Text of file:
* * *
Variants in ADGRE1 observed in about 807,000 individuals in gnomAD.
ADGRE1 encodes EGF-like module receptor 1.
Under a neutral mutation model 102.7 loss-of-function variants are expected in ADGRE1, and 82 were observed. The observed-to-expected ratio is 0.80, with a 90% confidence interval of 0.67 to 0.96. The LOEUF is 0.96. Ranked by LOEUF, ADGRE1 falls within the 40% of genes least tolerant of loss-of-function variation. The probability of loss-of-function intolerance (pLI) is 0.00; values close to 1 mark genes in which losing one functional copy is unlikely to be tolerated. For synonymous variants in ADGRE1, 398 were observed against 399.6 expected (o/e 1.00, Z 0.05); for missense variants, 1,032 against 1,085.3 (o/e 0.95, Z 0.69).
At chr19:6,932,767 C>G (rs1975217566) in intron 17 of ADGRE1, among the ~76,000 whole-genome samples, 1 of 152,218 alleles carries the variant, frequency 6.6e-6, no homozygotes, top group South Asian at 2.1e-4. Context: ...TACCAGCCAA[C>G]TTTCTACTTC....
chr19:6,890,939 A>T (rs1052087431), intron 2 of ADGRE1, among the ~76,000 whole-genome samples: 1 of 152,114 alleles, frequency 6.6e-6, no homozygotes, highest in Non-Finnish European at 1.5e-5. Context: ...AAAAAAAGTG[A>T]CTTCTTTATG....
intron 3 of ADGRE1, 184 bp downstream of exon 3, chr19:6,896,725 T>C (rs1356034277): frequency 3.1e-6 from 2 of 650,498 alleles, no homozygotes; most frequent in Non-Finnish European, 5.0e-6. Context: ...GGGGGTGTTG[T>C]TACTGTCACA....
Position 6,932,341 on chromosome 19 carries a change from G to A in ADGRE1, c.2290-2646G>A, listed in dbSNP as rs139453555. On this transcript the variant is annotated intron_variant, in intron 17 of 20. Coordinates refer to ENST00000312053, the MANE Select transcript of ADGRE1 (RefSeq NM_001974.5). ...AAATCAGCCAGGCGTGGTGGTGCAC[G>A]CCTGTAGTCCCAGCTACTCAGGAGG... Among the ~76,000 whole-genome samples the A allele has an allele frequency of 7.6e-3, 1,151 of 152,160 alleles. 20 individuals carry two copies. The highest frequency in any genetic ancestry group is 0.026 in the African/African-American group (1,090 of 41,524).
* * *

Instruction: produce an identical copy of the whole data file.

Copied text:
Variants in ADGRE1 observed in about 807,000 individuals in gnomAD.
ADGRE1 encodes EGF-like module receptor 1.
Under a neutral mutation model 102.7 loss-of-function variants are expected in ADGRE1, and 82 were observed. The observed-to-expected ratio is 0.80, with a 90% confidence interval of 0.67 to 0.96. The LOEUF is 0.96. Ranked by LOEUF, ADGRE1 falls within the 40% of genes least tolerant of loss-of-function variation. The probability of loss-of-function intolerance (pLI) is 0.00; values close to 1 mark genes in which losing one functional copy is unlikely to be tolerated. For synonymous variants in ADGRE1, 398 were observed against 399.6 expected (o/e 1.00, Z 0.05); for missense variants, 1,032 against 1,085.3 (o/e 0.95, Z 0.69).
At chr19:6,932,767 C>G (rs1975217566) in intron 17 of ADGRE1, among the ~76,000 whole-genome samples, 1 of 152,218 alleles carries the variant, frequency 6.6e-6, no homozygotes, top group South Asian at 2.1e-4. Context: ...TACCAGCCAA[C>G]TTTCTACTTC....
chr19:6,890,939 A>T (rs1052087431), intron 2 of ADGRE1, among the ~76,000 whole-genome samples: 1 of 152,114 alleles, frequency 6.6e-6, no homozygotes, highest in Non-Finnish European at 1.5e-5. Context: ...AAAAAAAGTG[A>T]CTTCTTTATG....
intron 3 of ADGRE1, 184 bp downstream of exon 3, chr19:6,896,725 T>C (rs1356034277): frequency 3.1e-6 from 2 of 650,498 alleles, no homozygotes; most frequent in Non-Finnish European, 5.0e-6. Context: ...GGGGGTGTTG[T>C]TACTGTCACA....
Position 6,932,341 on chromosome 19 carries a change from G to A in ADGRE1, c.2290-2646G>A, listed in dbSNP as rs139453555. On this transcript the variant is annotated intron_variant, in intron 17 of 20. Coordinates refer to ENST00000312053, the MANE Select transcript of ADGRE1 (RefSeq NM_001974.5). ...AAATCAGCCAGGCGTGGTGGTGCAC[G>A]CCTGTAGTCCCAGCTACTCAGGAGG... Among the ~76,000 whole-genome samples the A allele has an allele frequency of 7.6e-3, 1,151 of 152,160 alleles. 20 individuals carry two copies. The highest frequency in any genetic ancestry group is 0.026 in the African/African-American group (1,090 of 41,524).